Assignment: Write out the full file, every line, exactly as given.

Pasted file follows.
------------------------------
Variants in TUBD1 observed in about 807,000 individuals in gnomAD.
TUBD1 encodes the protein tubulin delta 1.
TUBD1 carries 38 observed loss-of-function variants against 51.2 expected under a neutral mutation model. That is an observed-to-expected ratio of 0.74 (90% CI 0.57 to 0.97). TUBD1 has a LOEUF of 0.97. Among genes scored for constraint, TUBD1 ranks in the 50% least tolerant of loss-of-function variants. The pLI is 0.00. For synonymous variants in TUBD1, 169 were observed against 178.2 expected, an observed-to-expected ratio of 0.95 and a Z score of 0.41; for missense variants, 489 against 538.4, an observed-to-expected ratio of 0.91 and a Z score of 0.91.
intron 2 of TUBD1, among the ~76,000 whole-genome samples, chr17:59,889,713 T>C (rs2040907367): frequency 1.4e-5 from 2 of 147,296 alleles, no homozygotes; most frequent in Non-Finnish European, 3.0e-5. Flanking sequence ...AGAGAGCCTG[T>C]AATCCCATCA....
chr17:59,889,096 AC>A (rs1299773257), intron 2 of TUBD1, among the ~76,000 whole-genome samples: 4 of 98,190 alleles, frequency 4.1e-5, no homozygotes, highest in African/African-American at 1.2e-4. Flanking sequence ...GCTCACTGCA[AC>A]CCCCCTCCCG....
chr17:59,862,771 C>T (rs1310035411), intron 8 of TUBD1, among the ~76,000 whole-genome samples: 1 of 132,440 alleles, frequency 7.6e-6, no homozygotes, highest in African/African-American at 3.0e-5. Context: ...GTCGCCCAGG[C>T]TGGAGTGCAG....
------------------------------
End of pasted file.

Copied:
Variants in TUBD1 observed in about 807,000 individuals in gnomAD.
TUBD1 encodes the protein tubulin delta 1.
TUBD1 carries 38 observed loss-of-function variants against 51.2 expected under a neutral mutation model. That is an observed-to-expected ratio of 0.74 (90% CI 0.57 to 0.97). TUBD1 has a LOEUF of 0.97. Among genes scored for constraint, TUBD1 ranks in the 50% least tolerant of loss-of-function variants. The pLI is 0.00. For synonymous variants in TUBD1, 169 were observed against 178.2 expected, an observed-to-expected ratio of 0.95 and a Z score of 0.41; for missense variants, 489 against 538.4, an observed-to-expected ratio of 0.91 and a Z score of 0.91.
intron 2 of TUBD1, among the ~76,000 whole-genome samples, chr17:59,889,713 T>C (rs2040907367): frequency 1.4e-5 from 2 of 147,296 alleles, no homozygotes; most frequent in Non-Finnish European, 3.0e-5. Flanking sequence ...AGAGAGCCTG[T>C]AATCCCATCA....
chr17:59,889,096 AC>A (rs1299773257), intron 2 of TUBD1, among the ~76,000 whole-genome samples: 4 of 98,190 alleles, frequency 4.1e-5, no homozygotes, highest in African/African-American at 1.2e-4. Flanking sequence ...GCTCACTGCA[AC>A]CCCCCTCCCG....
chr17:59,862,771 C>T (rs1310035411), intron 8 of TUBD1, among the ~76,000 whole-genome samples: 1 of 132,440 alleles, frequency 7.6e-6, no homozygotes, highest in African/African-American at 3.0e-5. Context: ...GTCGCCCAGG[C>T]TGGAGTGCAG....